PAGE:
Market-oriented reforms, globalization and the recent transformation of Latin American innovation systems
Market-oriented structural reforms were implemented in Latin America under the expectation that the transition from an "inward-oriented", "state-led" growth strategy to one which was more "market-led" and "outward-oriented" was going to be rewarded by a sustainable long-term improvement in the region's rate of economic expansion and productivity growth. The competitive discipline imposed by a more open and deregulated economic regime was expected to induce faster innovation and technological modernization efforts from firms and individuals and, thereafter, a gradual but steady "convergence" to world-wide income and productivity standards. A global look at the region's performance throughout the 1980s and 1990s tells us that such a priori expectation was far from realistic. The paper examines why this has been so.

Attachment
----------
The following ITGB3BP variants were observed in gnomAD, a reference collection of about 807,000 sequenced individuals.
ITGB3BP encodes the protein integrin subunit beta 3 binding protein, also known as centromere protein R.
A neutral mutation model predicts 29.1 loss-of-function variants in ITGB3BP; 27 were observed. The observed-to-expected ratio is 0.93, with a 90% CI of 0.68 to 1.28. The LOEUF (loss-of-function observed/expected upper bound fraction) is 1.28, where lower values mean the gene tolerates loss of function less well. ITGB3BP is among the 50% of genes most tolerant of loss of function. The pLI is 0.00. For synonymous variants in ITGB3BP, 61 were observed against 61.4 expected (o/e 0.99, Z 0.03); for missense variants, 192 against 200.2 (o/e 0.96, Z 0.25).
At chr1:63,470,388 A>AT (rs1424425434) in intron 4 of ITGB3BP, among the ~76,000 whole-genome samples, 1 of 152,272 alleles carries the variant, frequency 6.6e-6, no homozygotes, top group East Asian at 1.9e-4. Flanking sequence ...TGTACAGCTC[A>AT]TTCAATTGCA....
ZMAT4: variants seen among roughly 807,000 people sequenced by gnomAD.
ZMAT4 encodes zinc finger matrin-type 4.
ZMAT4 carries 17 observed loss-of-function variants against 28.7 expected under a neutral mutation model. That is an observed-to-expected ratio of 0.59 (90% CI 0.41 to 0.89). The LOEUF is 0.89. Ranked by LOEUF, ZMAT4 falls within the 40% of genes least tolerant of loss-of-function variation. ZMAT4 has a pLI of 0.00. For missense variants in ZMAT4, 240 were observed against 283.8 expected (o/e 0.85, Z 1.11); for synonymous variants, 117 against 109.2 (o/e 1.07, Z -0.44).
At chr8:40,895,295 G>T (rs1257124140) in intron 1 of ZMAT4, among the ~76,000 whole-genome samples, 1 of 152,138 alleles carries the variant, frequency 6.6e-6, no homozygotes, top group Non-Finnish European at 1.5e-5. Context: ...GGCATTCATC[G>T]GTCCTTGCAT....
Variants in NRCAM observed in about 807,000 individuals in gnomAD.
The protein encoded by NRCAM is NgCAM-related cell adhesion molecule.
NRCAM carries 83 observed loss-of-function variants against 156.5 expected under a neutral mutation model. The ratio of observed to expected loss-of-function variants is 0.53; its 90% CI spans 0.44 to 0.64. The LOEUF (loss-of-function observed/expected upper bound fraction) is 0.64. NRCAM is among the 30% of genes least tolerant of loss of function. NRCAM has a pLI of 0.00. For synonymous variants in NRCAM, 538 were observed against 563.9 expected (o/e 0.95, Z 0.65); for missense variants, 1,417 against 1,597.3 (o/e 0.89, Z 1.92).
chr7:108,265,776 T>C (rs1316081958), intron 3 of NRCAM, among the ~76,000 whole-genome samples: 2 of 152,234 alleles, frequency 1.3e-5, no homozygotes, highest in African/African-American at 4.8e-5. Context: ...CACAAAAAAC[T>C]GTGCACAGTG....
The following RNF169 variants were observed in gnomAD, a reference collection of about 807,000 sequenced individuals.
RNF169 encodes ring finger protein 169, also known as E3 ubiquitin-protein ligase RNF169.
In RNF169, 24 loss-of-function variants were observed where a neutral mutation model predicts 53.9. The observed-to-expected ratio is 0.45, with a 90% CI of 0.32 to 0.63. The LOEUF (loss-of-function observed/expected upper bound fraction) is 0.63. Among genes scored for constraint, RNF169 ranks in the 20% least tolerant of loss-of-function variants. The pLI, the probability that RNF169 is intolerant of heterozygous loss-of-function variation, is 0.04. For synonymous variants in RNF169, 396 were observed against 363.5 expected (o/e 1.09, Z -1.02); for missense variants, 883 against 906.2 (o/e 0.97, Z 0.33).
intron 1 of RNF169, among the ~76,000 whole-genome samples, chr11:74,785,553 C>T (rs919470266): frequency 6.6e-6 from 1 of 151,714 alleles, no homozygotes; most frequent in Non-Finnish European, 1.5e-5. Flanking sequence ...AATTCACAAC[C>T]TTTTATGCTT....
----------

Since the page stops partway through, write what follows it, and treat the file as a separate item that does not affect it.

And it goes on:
Volume (Year): 32 (2004)
Issue (Month): 3 ()
|Contact details of provider:|| Web page: http://www.tandfonline.com/CODS20|
|Order Information:||Web: http://www.tandfonline.com/pricing/journal/CODS20|
When requesting a correction, please mention this item's handle: RePEc:taf:oxdevs:v:32:y:2004:i:3:p:375-387. See general information about how to correct material in RePEc.
For technical questions regarding this item, or to correct its authors, title, abstract, bibliographic or download information, contact: (Michael McNulty)
If references are entirely missing, you can add them using this form.